Eristalinus taeniops

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Eristalinus taeniops
Syrphidae - Eristalinus taeniops-002.jpg
Eristalinus taeniops. Male
2016 06 22 Schwebfliege1A.jpg
Scientific classification
E. taeniops
Binomial name
Eristalinus taeniops
(Wiedemann, 1818)
  • Eristalis aegyptius Walker, 1849
  • Eristalis communis Adams, 1905
  • Eristalis completa Abreu, 1924
  • Eristalis concinna Abreu, 1924
  • Eristalis secretus Walker, 1849
  • Eristalis torridus Walker, 1849
  • Helophilus pulchriceps Wiedemann, 1822

Eristalinus taeniops is a species of hoverfly, also known as the band-eyed drone fly.[2]


This species is present in part of Europe (Albania, Balearic Islands, Bulgaria, the Canary Islands, Cyprus, France, Greece, Italy, Malta, North Macedonia, Poland, Portugal, Spain), in North Africa, in the Near East (Turkey, Lebanon, Israel), in the Caucasus, in the Eastern parts of Afrotropical realm to South Africa, in the Oriental realm (Nepal, Northern India), in Northern Pakistan and in Iran.[3][4] It has been introduced to parts of North America (California and Florida). Recently discovered on Rio de Janeiro, Brazil.


These hoverflies can be found in Holly oak forests, in forest clearings, maquis, rivers, streams, and in coastal marshes. [5]

Side view


Eristalinus taeniops can reach a length of 11–14 millimetres (0.43–0.55 in).[5] These hoverflies exhibit a bee-like yellow-black drawing (Batesian mimicry) and are often mistaken for wasps or bees. The thorax has a metallic yellow-brown color and it is densely yellow hairy. Also the scutellum are yellow-brown colored. The abdomen is reddish-yellow, with transversal black bands. The compound eyes have five distinct, vertical, dark stripes.[5] The wings are transparent, usually yellowish-brown at the base, while the halteres are brightly pale yellow colored.[6][7]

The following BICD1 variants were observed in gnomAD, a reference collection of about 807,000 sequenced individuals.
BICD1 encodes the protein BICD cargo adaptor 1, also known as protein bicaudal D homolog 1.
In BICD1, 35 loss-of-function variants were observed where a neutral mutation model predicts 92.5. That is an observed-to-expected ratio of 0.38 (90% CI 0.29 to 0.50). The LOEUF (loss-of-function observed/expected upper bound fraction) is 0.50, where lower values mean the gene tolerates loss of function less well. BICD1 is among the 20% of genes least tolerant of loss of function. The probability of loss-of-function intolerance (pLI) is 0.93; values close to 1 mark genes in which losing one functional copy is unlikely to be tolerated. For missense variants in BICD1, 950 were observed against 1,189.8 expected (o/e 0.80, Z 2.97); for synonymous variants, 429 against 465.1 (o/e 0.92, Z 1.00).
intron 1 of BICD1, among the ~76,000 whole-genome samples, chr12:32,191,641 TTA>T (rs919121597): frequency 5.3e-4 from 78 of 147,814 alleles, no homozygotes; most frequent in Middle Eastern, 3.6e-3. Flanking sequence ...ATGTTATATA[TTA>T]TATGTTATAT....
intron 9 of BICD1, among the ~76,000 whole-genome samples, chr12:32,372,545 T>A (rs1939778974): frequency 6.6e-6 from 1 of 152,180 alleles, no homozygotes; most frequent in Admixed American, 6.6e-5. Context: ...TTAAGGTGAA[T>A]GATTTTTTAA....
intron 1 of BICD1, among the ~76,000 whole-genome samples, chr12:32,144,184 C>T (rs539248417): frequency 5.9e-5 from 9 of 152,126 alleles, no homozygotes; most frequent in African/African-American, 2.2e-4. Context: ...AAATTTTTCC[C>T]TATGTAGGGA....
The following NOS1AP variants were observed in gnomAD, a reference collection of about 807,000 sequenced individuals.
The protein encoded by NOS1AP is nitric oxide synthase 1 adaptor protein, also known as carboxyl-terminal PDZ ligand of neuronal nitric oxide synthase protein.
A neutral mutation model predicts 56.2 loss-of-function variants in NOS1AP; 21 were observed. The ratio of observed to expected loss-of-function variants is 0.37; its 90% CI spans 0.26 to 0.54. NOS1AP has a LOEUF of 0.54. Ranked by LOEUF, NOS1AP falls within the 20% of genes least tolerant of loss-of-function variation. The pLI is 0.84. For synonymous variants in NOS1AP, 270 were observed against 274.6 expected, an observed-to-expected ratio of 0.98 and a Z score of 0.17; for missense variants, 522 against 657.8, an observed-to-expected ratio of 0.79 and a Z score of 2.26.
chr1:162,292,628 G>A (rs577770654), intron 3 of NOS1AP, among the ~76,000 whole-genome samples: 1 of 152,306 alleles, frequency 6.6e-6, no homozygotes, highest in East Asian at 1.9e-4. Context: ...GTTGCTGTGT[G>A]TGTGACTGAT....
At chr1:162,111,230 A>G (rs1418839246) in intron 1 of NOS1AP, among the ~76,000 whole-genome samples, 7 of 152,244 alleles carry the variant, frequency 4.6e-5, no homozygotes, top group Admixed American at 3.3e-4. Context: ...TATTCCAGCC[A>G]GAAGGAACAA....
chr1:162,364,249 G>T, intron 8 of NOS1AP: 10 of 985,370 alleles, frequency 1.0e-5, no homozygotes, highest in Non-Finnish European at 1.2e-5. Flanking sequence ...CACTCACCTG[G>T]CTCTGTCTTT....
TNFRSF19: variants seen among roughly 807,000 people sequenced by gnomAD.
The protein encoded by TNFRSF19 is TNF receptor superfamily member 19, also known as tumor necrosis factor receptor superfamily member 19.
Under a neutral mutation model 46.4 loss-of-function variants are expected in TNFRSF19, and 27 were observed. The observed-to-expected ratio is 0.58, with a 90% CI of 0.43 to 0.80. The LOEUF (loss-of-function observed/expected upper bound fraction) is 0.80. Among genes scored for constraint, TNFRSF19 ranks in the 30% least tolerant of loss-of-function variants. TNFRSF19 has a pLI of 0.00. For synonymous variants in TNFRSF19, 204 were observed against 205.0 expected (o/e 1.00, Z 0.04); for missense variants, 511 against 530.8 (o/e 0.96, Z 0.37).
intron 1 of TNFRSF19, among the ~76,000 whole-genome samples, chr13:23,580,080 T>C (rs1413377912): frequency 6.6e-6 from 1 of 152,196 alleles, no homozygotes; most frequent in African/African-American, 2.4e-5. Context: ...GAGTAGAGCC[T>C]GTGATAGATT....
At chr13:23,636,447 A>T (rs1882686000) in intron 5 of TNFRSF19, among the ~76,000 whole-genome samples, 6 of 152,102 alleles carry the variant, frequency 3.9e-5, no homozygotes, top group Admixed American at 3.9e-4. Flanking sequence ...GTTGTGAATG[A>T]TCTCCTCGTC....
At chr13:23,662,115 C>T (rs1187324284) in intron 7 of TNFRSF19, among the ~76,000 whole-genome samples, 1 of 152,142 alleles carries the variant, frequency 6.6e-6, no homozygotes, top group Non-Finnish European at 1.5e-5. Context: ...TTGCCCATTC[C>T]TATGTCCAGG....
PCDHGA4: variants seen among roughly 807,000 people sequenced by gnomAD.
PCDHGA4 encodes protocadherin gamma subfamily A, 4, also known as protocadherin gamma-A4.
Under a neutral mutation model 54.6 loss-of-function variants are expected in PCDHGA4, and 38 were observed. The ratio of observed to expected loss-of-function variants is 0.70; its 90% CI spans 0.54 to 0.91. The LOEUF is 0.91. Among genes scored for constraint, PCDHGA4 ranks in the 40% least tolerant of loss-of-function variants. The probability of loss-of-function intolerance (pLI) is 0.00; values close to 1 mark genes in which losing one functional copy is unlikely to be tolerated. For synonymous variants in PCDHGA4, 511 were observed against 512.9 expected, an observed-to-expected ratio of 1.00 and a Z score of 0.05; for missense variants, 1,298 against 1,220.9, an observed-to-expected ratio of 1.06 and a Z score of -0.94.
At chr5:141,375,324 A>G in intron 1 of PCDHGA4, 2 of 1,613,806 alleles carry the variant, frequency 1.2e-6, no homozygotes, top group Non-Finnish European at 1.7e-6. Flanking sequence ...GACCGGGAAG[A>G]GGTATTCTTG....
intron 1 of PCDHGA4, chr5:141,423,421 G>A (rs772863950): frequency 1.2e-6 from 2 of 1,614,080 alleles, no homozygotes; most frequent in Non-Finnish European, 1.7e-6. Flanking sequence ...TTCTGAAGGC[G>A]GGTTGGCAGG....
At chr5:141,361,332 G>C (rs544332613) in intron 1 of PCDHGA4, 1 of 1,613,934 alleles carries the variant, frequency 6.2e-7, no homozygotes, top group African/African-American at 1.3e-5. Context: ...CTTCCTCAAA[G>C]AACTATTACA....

Adults of these hoverflies can be found from April to October with a peak from May to August. They feed on nectar of yellow and white flowers such as Erica, Daphne, Senecio and Rosaceae species. The larvae live as rat-tailed maggots, mainly in the mud, in animal carcasses and in water contaminated by pig manure.[5]



  • Joachim & Hiroko Haupt: Fliegen und Mücken: Beobachtung, Lebensweise. Naturbuch-Verlag, Augsburg 1998, ISBN 3-89440-278-4.
  • Ricarte, Antonio & M. Á. Marcos-García. 2017. A checklist of the Syrphidae (Diptera) of Spain, Andorra and Gibraltar. Zootaxa 4216(5): 401–440
  • Speight, M.C.D. (2014) Species accounts of European Syrphidae (Diptera), 2014. Syrph the Net, the database of European Syrphidae, vol. 78, 321 pp., Syrph the Net publications, Dublin.
  • Celeste Pérez Bañón, Santos Rojo, Gunilla Ståhls and M. Angeles Marcos-García – Taxonomy of European Eristalinus (Diptera: Syrphidae) based on larval morphology and molecular data


  1. ^ Catalogue of life
  2. ^ BioLib
  3. ^ Fauna europaea
  4. ^ Hassan Ghahari; Rüstem Hayat; Mehrdad Tabari; Hadi Ostovan (2008). "Hover Flies (Diptera: Syrphidae) From Rice Fields and Around Grasslands of Northern Iran" (PDF). Munis Entomology & Zoology. Ankara, Turkey: Munis Research Group. 3 (1): 275–284. Retrieved 6 January 2009. CS1 maint: discouraged parameter (link)
  5. ^ a b c d Arthropodafotos
  6. ^ Entomoland
  7. ^ J. et H. Haupt - Guide des Mouches et des Moustiques

External links[edit]